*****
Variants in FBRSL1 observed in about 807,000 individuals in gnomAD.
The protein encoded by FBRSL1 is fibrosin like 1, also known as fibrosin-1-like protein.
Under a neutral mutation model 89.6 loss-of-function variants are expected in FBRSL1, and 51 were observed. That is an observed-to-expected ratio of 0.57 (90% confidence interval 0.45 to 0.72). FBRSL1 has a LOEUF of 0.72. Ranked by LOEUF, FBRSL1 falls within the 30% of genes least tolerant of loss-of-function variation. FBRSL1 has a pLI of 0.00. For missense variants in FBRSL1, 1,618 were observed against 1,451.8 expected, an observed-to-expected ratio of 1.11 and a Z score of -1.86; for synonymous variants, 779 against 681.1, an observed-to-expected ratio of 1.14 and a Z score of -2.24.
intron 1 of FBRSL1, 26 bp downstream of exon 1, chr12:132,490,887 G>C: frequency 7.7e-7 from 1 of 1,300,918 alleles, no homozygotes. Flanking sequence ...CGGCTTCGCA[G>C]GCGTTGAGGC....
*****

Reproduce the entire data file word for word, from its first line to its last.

Variants in FBRSL1 observed in about 807,000 individuals in gnomAD.
The protein encoded by FBRSL1 is fibrosin like 1, also known as fibrosin-1-like protein.
Under a neutral mutation model 89.6 loss-of-function variants are expected in FBRSL1, and 51 were observed. That is an observed-to-expected ratio of 0.57 (90% confidence interval 0.45 to 0.72). FBRSL1 has a LOEUF of 0.72. Ranked by LOEUF, FBRSL1 falls within the 30% of genes least tolerant of loss-of-function variation. FBRSL1 has a pLI of 0.00. For missense variants in FBRSL1, 1,618 were observed against 1,451.8 expected, an observed-to-expected ratio of 1.11 and a Z score of -1.86; for synonymous variants, 779 against 681.1, an observed-to-expected ratio of 1.14 and a Z score of -2.24.
intron 1 of FBRSL1, 26 bp downstream of exon 1, chr12:132,490,887 G>C: frequency 7.7e-7 from 1 of 1,300,918 alleles, no homozygotes. Flanking sequence ...CGGCTTCGCA[G>C]GCGTTGAGGC....